If you are moving to Northern Nevada from another state, be sure to recognize that Nevada laws might be different than what you have experienced where you are coming from. Don’t assume it they are the same as what you are used to; you might find yourself with an unanticipated problem.
Some states don’t allow property to be landlocked. If there is no legal access in some states, their laws provide that the owner(s) of the property you have to traverse must grant you access. You have to pay market value, but they must allow you to pass. Not so in Nevada. If you are landlocked, you can’t get there from here without securing a legal access.
Nevada water law is very different than other states, including neighboring states. Nevada law is a pure Western Water Law state. You must own the right to the water to use it. Until recently, you couldn’t even capture rainwater in Nevada. Some folks looking at waterfront property, i.e. river, creek, etc., assume they can put a pump in the water and pull water. That is called riparian rights. We don’t have those in Nevada. You can’t just take water without a right to use it even if it crosses your property or you abut it.
Underground water rights can also be mystifying to newcomers. In some states, if you drill and find water you can pump it and use it. Not so in Nevada. You must have the right to use it and you are limited in what you pump by the extent of your water rights. Water rights in Nevada are real property and can be used in 1031 Exchange transactions. If you are buying property with water, water rights, or need water, be sure you understand what you are buying and what the market is. Water rights can have nominal costs or be very expensive depending on the type and location of the water right involved.
We were talking with a friend who shared that it took him 18 months to get a building permit in a California county. He was advised that it would take that long going in, but he doubted it. He shouldn’t have. In Northern Nevada, you can get a building permit in days or weeks, depending on the county and its workload. Be aware, too, that some Nevada counties don’t require building permits yet. Gotta love rural Nevada!
Real estate in Nevada is conducted to a high standard. From the standards of practice, protection of buyers and sellers, disclosure, ethics and values, agents in Nevada generally are among the best in the nation. There is a noticeable difference, however, in how we go to work. Instead of sedans, you will see many agents driving SUVs or pickups. It is hard to show rural property in a sedan, especially if you are in four-wheel drive conditions. Additionally, it makes sense to wear jeans or other casual clothing if there is a chance you will be walking through the sagebrush showing property that day. As such, three-piece suits are generally for appearing before the Legislature or some other fancy situation an agent might find himself involved with.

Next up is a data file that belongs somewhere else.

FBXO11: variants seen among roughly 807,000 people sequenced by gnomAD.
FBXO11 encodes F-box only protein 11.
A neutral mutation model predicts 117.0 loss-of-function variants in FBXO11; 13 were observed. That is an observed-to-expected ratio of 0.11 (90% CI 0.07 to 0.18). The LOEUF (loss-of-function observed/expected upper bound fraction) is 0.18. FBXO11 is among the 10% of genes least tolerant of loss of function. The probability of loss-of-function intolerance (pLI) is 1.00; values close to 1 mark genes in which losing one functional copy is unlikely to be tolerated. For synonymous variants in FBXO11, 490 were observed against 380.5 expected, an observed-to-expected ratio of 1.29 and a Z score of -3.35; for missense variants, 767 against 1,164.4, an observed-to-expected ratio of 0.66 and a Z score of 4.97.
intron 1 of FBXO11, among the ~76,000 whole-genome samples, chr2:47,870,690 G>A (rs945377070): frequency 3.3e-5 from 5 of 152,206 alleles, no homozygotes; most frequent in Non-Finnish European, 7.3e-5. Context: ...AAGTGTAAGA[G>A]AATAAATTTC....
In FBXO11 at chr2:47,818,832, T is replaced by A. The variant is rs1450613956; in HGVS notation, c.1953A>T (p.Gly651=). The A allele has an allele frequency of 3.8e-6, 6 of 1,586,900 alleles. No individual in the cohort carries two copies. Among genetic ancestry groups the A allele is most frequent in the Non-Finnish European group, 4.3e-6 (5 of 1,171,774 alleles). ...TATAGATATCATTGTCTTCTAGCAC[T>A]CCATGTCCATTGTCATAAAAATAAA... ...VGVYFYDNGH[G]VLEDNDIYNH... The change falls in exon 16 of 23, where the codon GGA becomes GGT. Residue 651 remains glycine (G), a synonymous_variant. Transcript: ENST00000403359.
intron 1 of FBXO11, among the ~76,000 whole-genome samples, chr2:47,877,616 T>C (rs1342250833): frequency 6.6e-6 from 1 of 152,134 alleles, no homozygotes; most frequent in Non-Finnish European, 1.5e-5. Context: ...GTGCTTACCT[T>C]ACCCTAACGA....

Our advice: As the maxim goes, “When in Rome do as the Romans do.” When dealing with Nevada real estate, be sure to do it the Nevada way. Ask questions to confirm your assumptions or understandings. Even if you think you know the answer, ask the question to be sure. Your agent can then help you confirm your footing as you go forward. Those discussions will either confirm your position or allow you to not make a mistake. Either way, your agent’s professionalism will help you if you are candid and curious.
If you are from the East, you’ll be happy to know that you don’t have to physically sit at the “closing table” with the seller. The close of escrow can be conducted in its entirety long distance. Another benefit of moving to Nevada: simplicity and function over form.
When it comes to choosing professionals to assist you with your real estate needs… Experience is Priceless! Jim Valentine, RE/MAX Realty Affiliates, 775-781-3704. firstname.lastname@example.org
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